Philosophy of Teaching Games for Understanding
The Teaching Games for Understanding (TGfU) approach was developed by researchers at Loughborough University in the United Kingdom to tap into children’s inherent desire to play. Using ideas embedded within movement education, Bunker and Thorpe (1982) developed the idea of TGfU around teaching kids games by playing games. Lessons that use a TGfU approach start off by playing the game first and then building out game appreciation, tactical understanding, and skill development from the initial game. This way, students have a richer understanding of why and how which better enables them to transfer their knowledge and skills back into the game.
With the use of tactical problems and solutions that transcend a variety of games as the backbone of this approach, students not only understand what they need to know to be successful in games, but perhaps more importantly, when and why to make certain decisions in dynamic game contexts. The TGfU model is meant to not only create better and more knowledgeable game players, but also to motivate participants while taking part in a variety of games.
By adopting an “I can” approach, students take part in representative games that are developmentally appropriate for their current skill level. Once they have developed a better understanding of the basic elements of the game, students are better prepared and motivated to invest the necessary time and energy in enhancing their technical skills. Students also develop a better understanding of how their skills can then be transferred back into games.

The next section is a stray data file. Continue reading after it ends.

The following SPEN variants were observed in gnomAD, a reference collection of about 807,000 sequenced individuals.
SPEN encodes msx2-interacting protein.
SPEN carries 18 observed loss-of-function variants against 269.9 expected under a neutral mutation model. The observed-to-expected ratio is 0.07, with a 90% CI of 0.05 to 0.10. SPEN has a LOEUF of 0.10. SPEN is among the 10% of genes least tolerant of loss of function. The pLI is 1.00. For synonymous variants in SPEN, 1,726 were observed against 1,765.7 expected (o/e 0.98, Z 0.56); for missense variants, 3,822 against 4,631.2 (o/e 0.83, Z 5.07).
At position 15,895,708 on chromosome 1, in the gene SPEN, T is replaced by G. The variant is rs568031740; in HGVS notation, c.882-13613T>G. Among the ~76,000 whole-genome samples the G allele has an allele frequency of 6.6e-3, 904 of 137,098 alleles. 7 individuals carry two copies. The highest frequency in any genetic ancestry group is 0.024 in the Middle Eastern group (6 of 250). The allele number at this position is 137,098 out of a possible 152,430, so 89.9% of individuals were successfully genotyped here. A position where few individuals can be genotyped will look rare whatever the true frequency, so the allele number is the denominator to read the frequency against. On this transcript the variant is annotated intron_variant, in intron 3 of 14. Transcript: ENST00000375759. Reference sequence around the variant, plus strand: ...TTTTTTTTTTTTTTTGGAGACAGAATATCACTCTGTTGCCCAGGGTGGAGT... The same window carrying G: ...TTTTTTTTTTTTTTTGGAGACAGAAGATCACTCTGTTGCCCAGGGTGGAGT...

Recent approaches to TGfU have advocated for a thematic approach to teaching games. Rather than teach specific sport units (e.g., volleyball unit, soccer unit), students gain the skills and knowledge of a variety of games associated with four game categories: (a) target (e.g., curling, bowling), (b) striking/ fielding (e.g., cricket, baseball), (c) net/wall (e.g., volleyball, tennis), and (d) invasion (e.g., soccer, basketball). The categories represent games that are similar in structure. By exposing students to the primary rules, fundamental skills, and tactical problems associated with each games category, students become literate in a variety of games, not just ones chosen by the teacher. For example, if a student understands the basic premise behind maintaining possession of an object in an invasion game (e.g., use short passes, shield the ball, support the player with the ball), this will help he/she play a variety of invasion games where these tactical solutions transfer between similar games (e.g., soccer, field hockey, European handball, basketball).
For more information about TGfU, go to www.tgfu.org.